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Schools awarded for involving students in bypass studies

 

Jason Browne

 

Two Columbus Municipal School District schools were recognized by the Federal Highway Administration Monday for "exceptional human environment stewardship." 

 

Cook Elementary Fine Arts Magnet School and Hunt Intermediate School were both presented the awards, along with the Brandon Central Services Center, during the district''s August meeting of the board of trustees. The schools worked in concert with the Mississippi Department of Transportation, Neel Schaffer Engineers and Columbus engineers during a yearlong pilot project to learn about the processes of environmental surveys and engineering considerations utilized in planning the proposed Highway 82 bypass. 

 

"The students did hands-on activities with planners and engineers. Worked with compasses, computers, aerial photography and map skills," said Hunt Principal Tamela Barr. 

 

After multiple visits from highway authorities and engineers, the students designed and built model roads which were displayed at the Trotter Convention Center. 

 

"The Federal Highway Administration wanted to recognize the district for involving students in that process," said Superintendent Dr. Del Phillips. 

 

After recognizing the principal of each school with a plaque from the highway administration, the board approved several mandatory state and federal programs. Included in these were Mississippi Department of Education policies on cyber bullying and student bullying, and two programs mandated under the No Child Left Behind Act of 2001: Education for Homeless Children and Youth and Limited English Proficiency Instruction. 

 

The board also entered into a partnership agreement with Institute of Community Services, or ICS, to place 60 students in the pre-kindergarten program, purchased a new elementary reading program and accepted a $1,000 library grant from the Society for American Baseball Research. 

 

"This competition is open throughout the U.S. This is the first time two schools in different districts but in the same area, Lee Middle School and West Lowndes Elementary, have been chosen to receive donations. It will probably never happen again," said board member Glenn Lautzenhiser of the grant.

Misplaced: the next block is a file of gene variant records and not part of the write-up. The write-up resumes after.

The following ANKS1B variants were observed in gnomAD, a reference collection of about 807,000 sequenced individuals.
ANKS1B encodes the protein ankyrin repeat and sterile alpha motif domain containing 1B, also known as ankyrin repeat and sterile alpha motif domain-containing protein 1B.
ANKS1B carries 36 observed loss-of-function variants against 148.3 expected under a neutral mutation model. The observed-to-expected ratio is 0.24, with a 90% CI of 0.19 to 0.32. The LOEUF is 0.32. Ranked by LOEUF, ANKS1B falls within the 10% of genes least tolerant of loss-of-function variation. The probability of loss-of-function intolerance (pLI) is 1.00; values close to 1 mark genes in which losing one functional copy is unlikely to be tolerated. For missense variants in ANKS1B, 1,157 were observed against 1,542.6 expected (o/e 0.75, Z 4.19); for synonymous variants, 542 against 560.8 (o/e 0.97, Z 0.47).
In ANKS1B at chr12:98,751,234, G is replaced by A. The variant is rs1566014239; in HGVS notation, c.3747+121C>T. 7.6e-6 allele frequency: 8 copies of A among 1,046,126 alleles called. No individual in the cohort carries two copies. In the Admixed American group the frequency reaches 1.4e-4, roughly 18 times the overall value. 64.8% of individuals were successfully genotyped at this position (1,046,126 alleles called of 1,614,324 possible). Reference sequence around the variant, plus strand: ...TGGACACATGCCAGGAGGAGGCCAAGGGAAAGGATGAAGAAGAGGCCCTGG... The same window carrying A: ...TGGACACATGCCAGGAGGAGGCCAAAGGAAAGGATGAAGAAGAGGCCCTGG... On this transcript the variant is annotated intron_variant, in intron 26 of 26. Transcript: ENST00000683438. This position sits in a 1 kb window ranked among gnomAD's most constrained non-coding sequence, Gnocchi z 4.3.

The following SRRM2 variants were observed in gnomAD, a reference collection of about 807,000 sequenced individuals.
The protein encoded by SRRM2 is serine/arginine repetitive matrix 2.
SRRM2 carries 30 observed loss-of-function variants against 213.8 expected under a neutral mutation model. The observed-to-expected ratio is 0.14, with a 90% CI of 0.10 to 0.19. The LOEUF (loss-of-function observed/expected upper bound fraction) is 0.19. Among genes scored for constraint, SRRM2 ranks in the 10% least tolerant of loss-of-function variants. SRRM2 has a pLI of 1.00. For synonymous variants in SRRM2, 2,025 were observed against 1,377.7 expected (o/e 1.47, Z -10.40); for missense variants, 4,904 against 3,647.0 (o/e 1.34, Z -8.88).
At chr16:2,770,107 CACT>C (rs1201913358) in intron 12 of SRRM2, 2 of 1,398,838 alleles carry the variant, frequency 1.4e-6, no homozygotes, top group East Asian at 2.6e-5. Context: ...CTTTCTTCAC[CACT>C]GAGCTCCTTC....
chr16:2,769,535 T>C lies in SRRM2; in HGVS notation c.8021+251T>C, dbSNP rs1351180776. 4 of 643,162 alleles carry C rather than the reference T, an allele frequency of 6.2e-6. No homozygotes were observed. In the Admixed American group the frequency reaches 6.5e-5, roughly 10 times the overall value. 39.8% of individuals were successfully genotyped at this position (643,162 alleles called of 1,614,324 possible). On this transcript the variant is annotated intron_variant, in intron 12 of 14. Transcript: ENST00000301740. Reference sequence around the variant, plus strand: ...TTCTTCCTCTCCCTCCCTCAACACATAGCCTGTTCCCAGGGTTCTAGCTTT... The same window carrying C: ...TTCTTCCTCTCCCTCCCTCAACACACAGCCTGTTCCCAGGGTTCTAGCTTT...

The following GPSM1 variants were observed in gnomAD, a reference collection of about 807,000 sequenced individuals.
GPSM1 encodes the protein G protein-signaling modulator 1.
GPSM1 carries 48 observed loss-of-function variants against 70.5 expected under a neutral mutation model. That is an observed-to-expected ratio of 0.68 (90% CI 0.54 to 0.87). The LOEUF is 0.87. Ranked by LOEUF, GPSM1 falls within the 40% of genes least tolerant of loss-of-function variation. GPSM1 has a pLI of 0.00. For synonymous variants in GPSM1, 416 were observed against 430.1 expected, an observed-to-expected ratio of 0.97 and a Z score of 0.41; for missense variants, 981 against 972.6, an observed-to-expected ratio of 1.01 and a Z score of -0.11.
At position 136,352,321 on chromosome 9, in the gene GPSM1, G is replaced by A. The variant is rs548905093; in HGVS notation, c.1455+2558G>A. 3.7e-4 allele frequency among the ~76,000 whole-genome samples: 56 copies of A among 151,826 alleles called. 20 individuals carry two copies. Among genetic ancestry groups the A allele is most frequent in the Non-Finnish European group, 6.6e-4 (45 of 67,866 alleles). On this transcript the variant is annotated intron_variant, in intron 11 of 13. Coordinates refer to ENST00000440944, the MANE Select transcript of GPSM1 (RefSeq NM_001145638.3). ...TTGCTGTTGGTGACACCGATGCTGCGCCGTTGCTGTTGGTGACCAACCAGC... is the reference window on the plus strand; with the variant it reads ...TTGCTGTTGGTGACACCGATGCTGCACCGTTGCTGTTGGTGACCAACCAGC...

The Baseball Research grants were awarded after each applying school developed an educational program highlighting Negro League baseball and its role in American history. 

 

Lee Middle School''s project, "Step Up To the Plate," includes "a web quest kickoff, a bookmark contest, a baseball card contest, read-aloud sessions, parent visitation day, poetry writing and special guests." 

 

West Lowndes Elementary''s project, "Batter Up! Reader Up!," invites high school and college baseball players "to speak at the school along with the creation of a West Lowndes Elementary Baseball Hall of Fame, a door decorating contest, read-aloud sessions, and activities in all classes, such as writing a new verse to ''Take Me Out To the Ballgame'' or finding batting averages for their favorite Negro League players." 

 

The $1,000 grants will be used to implement the learning programs. 

 

The brief 30-minute meeting ended after the board completed a survey for the Mississippi School Board Association which asked districts to rank in order of importance the issues it felt should receive the most attention from MSBA lobbyists. The board''s top recommendation was the full funding of the Mississippi Adequate Education Program.

 

 

 

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